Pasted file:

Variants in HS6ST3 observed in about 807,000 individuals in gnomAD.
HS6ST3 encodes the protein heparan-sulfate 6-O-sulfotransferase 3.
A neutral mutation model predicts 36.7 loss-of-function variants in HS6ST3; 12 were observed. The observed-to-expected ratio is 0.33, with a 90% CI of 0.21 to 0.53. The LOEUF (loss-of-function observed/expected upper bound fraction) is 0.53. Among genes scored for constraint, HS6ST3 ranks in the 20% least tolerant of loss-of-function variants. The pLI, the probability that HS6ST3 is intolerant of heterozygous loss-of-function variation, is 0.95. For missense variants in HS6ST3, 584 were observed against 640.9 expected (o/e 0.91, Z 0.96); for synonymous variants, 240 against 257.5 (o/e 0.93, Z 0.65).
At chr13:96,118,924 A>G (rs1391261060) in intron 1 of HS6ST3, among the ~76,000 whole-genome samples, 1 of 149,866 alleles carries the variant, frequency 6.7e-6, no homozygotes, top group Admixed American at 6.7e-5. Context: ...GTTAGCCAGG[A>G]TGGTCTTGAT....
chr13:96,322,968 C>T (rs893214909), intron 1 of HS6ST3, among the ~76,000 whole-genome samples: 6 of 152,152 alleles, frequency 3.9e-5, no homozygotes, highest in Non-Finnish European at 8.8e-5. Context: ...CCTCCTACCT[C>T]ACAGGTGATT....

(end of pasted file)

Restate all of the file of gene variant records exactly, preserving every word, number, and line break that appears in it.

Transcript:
Variants in HS6ST3 observed in about 807,000 individuals in gnomAD.
HS6ST3 encodes the protein heparan-sulfate 6-O-sulfotransferase 3.
A neutral mutation model predicts 36.7 loss-of-function variants in HS6ST3; 12 were observed. The observed-to-expected ratio is 0.33, with a 90% CI of 0.21 to 0.53. The LOEUF (loss-of-function observed/expected upper bound fraction) is 0.53. Among genes scored for constraint, HS6ST3 ranks in the 20% least tolerant of loss-of-function variants. The pLI, the probability that HS6ST3 is intolerant of heterozygous loss-of-function variation, is 0.95. For missense variants in HS6ST3, 584 were observed against 640.9 expected (o/e 0.91, Z 0.96); for synonymous variants, 240 against 257.5 (o/e 0.93, Z 0.65).
At chr13:96,118,924 A>G (rs1391261060) in intron 1 of HS6ST3, among the ~76,000 whole-genome samples, 1 of 149,866 alleles carries the variant, frequency 6.7e-6, no homozygotes, top group Admixed American at 6.7e-5. Context: ...GTTAGCCAGG[A>G]TGGTCTTGAT....
chr13:96,322,968 C>T (rs893214909), intron 1 of HS6ST3, among the ~76,000 whole-genome samples: 6 of 152,152 alleles, frequency 3.9e-5, no homozygotes, highest in Non-Finnish European at 8.8e-5. Context: ...CCTCCTACCT[C>T]ACAGGTGATT....